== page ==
Mitt Romney is looking to build momentum after winning the Michigan and Arizona primaries Tuesday.
Romney scored a hard-won but narrow home state triumph and powered to victory in Arizona, the Star Tribune said. The Republican presidential race now expands to the 10 states that will vote on Super Tuesday.
Romney's slight edge - 41 percent to Rick Santorum's 38 percent - raised questions about whether he would change his strategy, the article said.
"We didn't win by a lot, but we won by enough," he told supporters in Michigan.
Romney said he had made personal mistakes in recent weeks and was trying to "do better and work harder."
Romney signaled Tuesday night that he intends to stick to his core campaign message of fixing the economy and reducing unemployment.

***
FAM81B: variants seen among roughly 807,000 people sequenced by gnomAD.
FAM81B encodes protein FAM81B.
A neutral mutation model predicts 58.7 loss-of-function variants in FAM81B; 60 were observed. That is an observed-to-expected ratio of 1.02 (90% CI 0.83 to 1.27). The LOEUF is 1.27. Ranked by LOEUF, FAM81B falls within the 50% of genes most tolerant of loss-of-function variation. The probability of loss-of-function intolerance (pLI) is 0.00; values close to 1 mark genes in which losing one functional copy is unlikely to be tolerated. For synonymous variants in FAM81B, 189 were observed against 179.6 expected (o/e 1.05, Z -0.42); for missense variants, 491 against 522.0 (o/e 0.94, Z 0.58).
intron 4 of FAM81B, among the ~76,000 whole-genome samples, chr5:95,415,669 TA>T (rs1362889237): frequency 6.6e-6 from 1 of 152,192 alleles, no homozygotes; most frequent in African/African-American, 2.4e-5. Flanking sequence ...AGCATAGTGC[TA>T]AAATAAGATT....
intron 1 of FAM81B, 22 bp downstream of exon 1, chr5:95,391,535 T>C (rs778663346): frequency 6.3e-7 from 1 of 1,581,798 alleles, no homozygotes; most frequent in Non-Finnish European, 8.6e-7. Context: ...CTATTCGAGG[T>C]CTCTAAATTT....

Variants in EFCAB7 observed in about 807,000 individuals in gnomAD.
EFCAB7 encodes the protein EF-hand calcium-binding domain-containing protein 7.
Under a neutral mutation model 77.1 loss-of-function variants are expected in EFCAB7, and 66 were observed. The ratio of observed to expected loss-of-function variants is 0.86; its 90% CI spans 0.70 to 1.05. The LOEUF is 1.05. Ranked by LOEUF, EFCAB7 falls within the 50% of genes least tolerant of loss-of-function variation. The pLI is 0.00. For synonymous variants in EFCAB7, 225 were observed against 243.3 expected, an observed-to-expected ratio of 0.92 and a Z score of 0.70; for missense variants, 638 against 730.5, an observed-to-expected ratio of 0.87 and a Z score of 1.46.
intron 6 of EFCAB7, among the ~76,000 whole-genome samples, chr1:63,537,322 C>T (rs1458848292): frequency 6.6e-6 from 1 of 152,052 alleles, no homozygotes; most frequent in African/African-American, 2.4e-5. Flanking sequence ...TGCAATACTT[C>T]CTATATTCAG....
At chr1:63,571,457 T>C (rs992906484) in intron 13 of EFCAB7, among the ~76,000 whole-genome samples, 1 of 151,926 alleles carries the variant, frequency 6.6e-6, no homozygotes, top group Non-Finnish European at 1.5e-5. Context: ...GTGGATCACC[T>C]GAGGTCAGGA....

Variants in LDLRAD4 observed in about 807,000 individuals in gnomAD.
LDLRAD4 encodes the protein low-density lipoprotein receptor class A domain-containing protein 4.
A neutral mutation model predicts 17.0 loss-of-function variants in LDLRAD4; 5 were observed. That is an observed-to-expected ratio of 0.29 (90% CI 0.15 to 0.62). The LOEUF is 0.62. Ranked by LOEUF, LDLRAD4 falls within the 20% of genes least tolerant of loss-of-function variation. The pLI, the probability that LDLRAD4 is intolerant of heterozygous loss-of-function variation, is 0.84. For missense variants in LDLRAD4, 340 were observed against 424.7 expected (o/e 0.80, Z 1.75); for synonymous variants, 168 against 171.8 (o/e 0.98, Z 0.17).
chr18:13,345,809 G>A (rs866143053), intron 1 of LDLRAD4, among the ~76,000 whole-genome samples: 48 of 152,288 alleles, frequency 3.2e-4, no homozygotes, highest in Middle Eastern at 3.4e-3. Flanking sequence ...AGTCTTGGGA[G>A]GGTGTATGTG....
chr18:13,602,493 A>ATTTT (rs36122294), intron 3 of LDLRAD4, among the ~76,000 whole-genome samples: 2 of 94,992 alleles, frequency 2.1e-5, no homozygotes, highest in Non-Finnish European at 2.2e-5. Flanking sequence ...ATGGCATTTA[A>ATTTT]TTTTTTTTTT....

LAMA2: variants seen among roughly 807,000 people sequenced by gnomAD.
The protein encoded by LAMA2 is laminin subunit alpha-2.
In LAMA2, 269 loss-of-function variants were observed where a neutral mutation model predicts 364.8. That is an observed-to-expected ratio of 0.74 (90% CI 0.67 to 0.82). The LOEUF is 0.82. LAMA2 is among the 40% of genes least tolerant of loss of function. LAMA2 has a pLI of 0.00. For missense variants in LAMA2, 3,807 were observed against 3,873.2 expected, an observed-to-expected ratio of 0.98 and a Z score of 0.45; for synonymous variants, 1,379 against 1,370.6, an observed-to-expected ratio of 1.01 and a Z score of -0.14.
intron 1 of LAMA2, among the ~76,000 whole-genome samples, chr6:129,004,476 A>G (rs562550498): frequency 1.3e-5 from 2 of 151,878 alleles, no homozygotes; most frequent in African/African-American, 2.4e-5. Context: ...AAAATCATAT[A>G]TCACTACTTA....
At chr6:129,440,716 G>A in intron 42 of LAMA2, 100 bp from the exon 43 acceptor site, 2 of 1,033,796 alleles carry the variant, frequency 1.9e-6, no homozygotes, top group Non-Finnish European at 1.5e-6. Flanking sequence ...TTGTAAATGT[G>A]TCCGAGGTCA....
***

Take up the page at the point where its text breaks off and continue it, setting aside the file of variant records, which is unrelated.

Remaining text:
"More jobs, less debt and smaller government - you're going to hear that over and over in the states ahead," he said.
The victories earned Romney about three-quarters of the delegates at play Tuesday night, extending his numerical lead over his opponents, the New York Times said. Romney won all 29 of Arizona's delegates and about half of those in Michigan, where the final allocation was still being worked out.
The Times said that Romney's twin victories over Santorum have quieted - for now - what had been growing questions about his command of the Republican field and his ability to appeal to the conservative base of his party.
All four candidates face financial strains as they try to advertise in a slate of expensive states, the Tribune said. Costs to run a week's worth of ads across the states voting next week are estimated to be about $5 million.